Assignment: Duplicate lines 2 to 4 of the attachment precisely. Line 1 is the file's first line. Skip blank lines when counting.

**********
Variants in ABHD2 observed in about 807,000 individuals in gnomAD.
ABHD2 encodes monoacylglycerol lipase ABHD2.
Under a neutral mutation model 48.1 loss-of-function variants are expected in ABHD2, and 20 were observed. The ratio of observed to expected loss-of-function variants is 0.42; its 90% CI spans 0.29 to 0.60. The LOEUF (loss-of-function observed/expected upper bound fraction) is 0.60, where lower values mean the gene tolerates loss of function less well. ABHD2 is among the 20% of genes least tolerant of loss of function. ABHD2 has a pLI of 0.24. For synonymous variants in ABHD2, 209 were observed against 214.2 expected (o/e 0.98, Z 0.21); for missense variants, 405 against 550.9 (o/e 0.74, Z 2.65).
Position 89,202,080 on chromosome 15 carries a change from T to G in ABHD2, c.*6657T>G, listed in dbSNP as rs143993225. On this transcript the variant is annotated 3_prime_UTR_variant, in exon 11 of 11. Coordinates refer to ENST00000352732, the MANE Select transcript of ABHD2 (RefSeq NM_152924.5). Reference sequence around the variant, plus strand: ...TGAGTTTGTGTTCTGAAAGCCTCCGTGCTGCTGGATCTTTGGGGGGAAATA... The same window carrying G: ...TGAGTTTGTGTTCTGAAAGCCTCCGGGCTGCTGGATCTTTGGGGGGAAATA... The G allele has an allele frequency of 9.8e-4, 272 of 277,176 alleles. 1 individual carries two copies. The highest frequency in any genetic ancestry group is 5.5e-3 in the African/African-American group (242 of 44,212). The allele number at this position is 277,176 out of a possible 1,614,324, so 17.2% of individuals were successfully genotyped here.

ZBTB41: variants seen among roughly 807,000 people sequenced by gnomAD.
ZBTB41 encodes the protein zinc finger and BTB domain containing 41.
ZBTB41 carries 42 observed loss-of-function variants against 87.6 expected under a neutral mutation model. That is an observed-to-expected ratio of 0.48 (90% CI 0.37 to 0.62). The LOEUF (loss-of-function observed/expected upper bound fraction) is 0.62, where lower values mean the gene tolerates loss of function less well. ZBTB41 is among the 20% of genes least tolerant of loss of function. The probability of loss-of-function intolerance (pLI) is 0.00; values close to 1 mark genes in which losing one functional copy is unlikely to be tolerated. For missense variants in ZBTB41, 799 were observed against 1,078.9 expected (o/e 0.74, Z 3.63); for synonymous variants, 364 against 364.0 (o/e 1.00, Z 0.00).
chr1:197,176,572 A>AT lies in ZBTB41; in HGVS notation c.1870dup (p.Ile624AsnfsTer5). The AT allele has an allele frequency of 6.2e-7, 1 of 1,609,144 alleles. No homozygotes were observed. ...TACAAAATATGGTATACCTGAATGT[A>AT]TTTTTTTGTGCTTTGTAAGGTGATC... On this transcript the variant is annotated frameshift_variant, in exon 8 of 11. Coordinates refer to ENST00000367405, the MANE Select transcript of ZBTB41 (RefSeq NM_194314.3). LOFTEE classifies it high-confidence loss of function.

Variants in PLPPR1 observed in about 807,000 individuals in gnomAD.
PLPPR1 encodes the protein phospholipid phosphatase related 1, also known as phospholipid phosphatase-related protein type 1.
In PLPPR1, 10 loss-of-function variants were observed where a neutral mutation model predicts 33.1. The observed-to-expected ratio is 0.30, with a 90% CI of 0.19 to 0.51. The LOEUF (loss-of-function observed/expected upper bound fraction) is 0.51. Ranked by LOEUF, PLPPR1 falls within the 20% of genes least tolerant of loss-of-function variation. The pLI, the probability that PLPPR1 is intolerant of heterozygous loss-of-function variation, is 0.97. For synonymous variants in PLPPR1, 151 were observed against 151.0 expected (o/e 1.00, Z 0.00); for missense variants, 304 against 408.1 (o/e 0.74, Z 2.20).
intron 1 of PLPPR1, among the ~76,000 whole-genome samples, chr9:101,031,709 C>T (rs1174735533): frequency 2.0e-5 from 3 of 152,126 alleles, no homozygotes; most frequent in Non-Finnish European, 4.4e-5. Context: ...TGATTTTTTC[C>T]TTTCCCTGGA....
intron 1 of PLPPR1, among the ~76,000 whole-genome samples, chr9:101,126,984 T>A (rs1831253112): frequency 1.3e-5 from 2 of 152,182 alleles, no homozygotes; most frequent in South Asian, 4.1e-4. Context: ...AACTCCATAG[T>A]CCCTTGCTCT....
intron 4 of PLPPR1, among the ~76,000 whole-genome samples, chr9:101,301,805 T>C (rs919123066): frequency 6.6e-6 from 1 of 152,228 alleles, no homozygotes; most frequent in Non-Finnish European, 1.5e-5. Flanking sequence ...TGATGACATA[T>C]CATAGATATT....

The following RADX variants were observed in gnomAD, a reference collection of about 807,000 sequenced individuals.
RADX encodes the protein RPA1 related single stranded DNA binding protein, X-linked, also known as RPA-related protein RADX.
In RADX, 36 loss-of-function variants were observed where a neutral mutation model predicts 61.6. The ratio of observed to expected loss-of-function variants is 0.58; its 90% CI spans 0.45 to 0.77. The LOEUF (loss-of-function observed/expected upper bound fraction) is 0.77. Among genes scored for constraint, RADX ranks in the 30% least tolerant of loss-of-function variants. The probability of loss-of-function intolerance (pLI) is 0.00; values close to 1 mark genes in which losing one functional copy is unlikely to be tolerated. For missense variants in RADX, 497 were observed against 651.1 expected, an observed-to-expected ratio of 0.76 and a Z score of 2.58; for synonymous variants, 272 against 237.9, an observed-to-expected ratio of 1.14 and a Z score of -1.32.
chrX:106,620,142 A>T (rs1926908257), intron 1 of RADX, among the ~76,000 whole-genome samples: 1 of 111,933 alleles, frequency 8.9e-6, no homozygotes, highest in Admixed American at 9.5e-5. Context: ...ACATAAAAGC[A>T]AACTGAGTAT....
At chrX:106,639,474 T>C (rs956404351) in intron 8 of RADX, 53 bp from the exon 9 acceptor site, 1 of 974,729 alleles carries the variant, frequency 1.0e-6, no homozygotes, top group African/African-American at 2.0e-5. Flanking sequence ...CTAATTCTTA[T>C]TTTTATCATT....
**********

ABHD2 encodes monoacylglycerol lipase ABHD2.
Under a neutral mutation model 48.1 loss-of-function variants are expected in ABHD2, and 20 were observed. The ratio of observed to expected loss-of-function variants is 0.42; its 90% CI spans 0.29 to 0.60. The LOEUF (loss-of-function observed/expected upper bound fraction) is 0.60, where lower values mean the gene tolerates loss of function less well. ABHD2 is among the 20% of genes least tolerant of loss of function. ABHD2 has a pLI of 0.24. For synonymous variants in ABHD2, 209 were observed against 214.2 expected (o/e 0.98, Z 0.21); for missense variants, 405 against 550.9 (o/e 0.74, Z 2.65).
Position 89,202,080 on chromosome 15 carries a change from T to G in ABHD2, c.*6657T>G, listed in dbSNP as rs143993225. On this transcript the variant is annotated 3_prime_UTR_variant, in exon 11 of 11. Coordinates refer to ENST00000352732, the MANE Select transcript of ABHD2 (RefSeq NM_152924.5). Reference sequence around the variant, plus strand: ...TGAGTTTGTGTTCTGAAAGCCTCCGTGCTGCTGGATCTTTGGGGGGAAATA... The same window carrying G: ...TGAGTTTGTGTTCTGAAAGCCTCCGGGCTGCTGGATCTTTGGGGGGAAATA... The G allele has an allele frequency of 9.8e-4, 272 of 277,176 alleles. 1 individual carries two copies. The highest frequency in any genetic ancestry group is 5.5e-3 in the African/African-American group (242 of 44,212). The allele number at this position is 277,176 out of a possible 1,614,324, so 17.2% of individuals were successfully genotyped here.